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What Can Mueller Tell US Lawmakers That We Don't Already Know?

FILE - U.S. Special Counsel Robert Mueller makes a statement on his investigation into Russian interference in the 2016 U.S. presidential election at the Justice Department in Washington, U.S., May 29, 2019.
FILE - U.S. Special Counsel Robert Mueller makes a statement on his investigation into Russian interference in the 2016 U.S. presidential election at the Justice Department in Washington, U.S., May 29, 2019.

When Robert Mueller testifies to the U.S. Congress on Wednesday, Democratic lawmakers are expected to try to pin down the former special counsel on a crucial question: did he intend for them to carry on where he left off in his investigation of President Donald Trump and the Russians?

As Democrats craft their agenda heading into the 2020 elections in which the Republican president is seeking a second four-year term, they will be eager to hear from Mueller about the findings of his 22-month inquiry before deciding how they should tackle its unanswered questions.

It is unclear how cooperative Mueller, a 74-year-old former FBI director and federal prosecutor, will be and whether he will stray far from the text of his 448-page report on the investigation, which Trump's Justice Department released only in redacted form in April.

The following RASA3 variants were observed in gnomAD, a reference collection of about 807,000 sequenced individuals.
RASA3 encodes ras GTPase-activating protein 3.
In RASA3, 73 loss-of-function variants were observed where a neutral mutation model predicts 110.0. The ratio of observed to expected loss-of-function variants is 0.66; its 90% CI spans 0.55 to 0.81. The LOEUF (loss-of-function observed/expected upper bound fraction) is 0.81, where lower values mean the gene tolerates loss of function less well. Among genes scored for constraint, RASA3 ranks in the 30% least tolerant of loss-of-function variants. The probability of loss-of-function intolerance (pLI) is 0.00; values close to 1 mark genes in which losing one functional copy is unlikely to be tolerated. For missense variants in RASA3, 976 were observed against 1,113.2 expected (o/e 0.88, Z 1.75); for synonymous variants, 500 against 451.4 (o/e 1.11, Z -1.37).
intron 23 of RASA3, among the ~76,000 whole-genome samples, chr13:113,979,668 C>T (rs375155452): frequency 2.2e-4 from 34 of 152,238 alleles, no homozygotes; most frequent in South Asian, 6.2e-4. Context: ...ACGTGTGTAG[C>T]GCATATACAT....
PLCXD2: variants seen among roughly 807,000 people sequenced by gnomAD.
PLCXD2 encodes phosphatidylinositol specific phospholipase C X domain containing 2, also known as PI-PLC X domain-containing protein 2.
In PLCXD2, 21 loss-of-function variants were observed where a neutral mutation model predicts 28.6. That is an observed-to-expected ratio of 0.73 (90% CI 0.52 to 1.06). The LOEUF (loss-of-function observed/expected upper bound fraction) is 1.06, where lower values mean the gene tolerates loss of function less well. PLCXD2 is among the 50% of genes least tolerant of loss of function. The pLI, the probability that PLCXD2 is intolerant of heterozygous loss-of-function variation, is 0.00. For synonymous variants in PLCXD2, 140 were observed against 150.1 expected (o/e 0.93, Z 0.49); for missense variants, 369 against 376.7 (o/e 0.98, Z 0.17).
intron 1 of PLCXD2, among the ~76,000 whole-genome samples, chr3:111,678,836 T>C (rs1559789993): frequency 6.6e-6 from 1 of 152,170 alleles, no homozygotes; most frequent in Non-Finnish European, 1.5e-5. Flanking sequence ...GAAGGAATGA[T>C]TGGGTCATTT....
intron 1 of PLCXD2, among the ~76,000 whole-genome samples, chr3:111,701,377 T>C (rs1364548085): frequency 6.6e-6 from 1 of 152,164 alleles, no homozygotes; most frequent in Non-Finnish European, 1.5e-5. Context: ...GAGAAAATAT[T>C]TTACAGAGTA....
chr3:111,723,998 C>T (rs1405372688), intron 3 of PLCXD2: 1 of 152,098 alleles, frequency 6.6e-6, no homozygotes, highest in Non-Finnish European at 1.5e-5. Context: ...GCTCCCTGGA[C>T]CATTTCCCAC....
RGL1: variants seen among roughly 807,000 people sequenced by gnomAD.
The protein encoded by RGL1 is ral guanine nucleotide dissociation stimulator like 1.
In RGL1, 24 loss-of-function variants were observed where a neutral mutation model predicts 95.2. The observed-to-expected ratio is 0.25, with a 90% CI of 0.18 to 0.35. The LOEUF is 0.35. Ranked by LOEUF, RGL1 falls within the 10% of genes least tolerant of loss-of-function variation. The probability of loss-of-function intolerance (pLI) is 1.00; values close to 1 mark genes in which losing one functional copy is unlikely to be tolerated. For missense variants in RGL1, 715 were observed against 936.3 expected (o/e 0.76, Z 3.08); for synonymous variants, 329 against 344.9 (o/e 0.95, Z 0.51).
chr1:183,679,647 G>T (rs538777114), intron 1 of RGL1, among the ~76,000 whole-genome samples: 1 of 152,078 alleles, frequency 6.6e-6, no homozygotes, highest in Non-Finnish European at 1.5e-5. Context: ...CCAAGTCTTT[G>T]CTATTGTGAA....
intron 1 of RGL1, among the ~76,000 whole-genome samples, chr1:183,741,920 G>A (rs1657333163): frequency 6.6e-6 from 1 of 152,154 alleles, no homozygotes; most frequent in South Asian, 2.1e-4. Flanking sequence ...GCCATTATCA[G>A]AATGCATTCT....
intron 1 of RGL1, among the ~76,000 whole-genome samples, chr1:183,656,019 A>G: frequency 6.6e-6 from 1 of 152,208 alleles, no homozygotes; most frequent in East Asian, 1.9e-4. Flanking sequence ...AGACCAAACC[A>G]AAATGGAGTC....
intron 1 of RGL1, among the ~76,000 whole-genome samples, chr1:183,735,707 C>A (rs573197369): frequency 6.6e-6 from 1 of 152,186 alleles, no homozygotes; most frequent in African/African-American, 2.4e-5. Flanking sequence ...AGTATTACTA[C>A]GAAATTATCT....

The report found that Russia interfered with a campaign of hacking and propaganda in the 2016 presidential election to boost Trump's candidacy. It found that people in Trump's election campaign had numerous contacts with Russians. But it concluded there was insufficient evidence to establish a criminal conspiracy between Trump's team and Moscow.

The report also described numerous instances in which Trump tried to impede Mueller's inquiry, but made no judgment on whether that amounted to criminal obstruction of justice by the president.

Mueller is due to testify before two Democratic-controlled House of Representatives committees.

Here are some of the lines of questioning that lawmakers may pursue with Mueller, according to congressional aides and committee members.

Mueller and Barr

Democrats are expected to ask whether Mueller was told to end his investigation by Attorney General William Barr, a Trump appointee who they have accused of acting to protect the president.

They will want to hear Mueller's views on how Barr presented the report as an exoneration of Trump and Barr's conclusion after receiving the report that the president did not commit obstruction of justice. Democrats have accused Barr of deceptively spinning the report's findings to protect his boss.

Mueller himself has criticized Barr's initial public account of the report's conclusions, saying in a letter that the attorney general did not fully capture the context, nature and substance of the investigation. Barr's initial description of the conclusions was contained in a March 24 letter to Congress that prompted Trump to claim "complete and total exoneration." The report was not released until April 18.

Republicans, in the minority in both committees that will hear from Mueller, may look to underscore Barr's obstruction determination to emphasize their view that the matter should be dropped.